While You Are Traveling

1.Be smart about that smart phone. The public as well as many travelers have converted their cell phones to smart phones, but many times don’t think about security at the same level when using their phones – think about how often you see them laying around on tables or loosely held in back pockets or open purses.  Remember, your phone is is almost always turned on and logged into your accounts.  A stolen smartphone can provides a treasure trove of information that can be the “holy grail” for a identity thief – especially when a smart phone contain passwords to many of your personal accounts.

Watch This Video To Make You Think About Identity Theft While Traveling and Using Your Smartphone

Travelers should always use the pin or password feature of their smart phone to keep personal information safe, in case it’s lost or stolen.  You can find several smart phone software programs that can help provide additional safeguards of your valuable information – especially if you access your bank account via your smart phone.  Additionally, be careful of free apps you download on your smart phone.  Google recently removed 21 free popular apps from the Android market place because they secretly stole available data on users’ smart phones and allowed malware to be downloaded onto your phone which can cause your information to be compromised.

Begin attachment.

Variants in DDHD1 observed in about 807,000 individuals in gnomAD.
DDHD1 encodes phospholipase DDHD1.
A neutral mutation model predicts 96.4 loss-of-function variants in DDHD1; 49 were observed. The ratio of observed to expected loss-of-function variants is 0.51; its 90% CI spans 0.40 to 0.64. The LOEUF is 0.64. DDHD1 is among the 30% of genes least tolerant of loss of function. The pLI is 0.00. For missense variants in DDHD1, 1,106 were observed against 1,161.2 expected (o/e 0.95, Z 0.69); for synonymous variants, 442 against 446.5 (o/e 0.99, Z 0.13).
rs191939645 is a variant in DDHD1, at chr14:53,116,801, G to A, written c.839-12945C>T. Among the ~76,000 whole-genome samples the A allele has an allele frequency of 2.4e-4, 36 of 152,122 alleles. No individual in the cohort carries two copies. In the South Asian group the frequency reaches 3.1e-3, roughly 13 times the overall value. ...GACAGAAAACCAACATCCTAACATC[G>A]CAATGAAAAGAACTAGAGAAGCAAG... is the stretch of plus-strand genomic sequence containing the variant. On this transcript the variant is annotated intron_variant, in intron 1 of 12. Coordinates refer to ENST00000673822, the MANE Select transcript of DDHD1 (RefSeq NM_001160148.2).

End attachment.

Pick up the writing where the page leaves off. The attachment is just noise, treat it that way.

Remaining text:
Make sure you use your phones home-screen-locking password. Depending on your phone model, this may be a numerical code, a unique swiping pattern, or a fingerprint scan. Avoid obvious numerical codes such as “1111” or your birth year, and remember to change your PIN frequently; it’s not that difficult for someone looking over your shoulder to guess what you’re typing.

Here are a few more smartphone security tips to consider while traveling:

  • Set a password on the phone so someone who finds or steals it can’t use it.
  • Turn Bluetooth off – Cyber criminals have the capability to pair their Bluetooth device with yours to steal personal information. Check your settings to ensure your Bluetooth is turned off when you do not need to use it.
  • Before traveling, consider deleting any especially sensitive apps, such as banking apps, social networks, etc. There are easy to reinstall when you get home.
  • Log out of all apps before going out for the day, as many apps keep you logged in by default (Facebook, Twitter, as well as many other apps.
  • Remain wary of suspicious e-mails and Web sites. Studies indicate folks are much more likely to click on malware links on their cell phone than on their computer.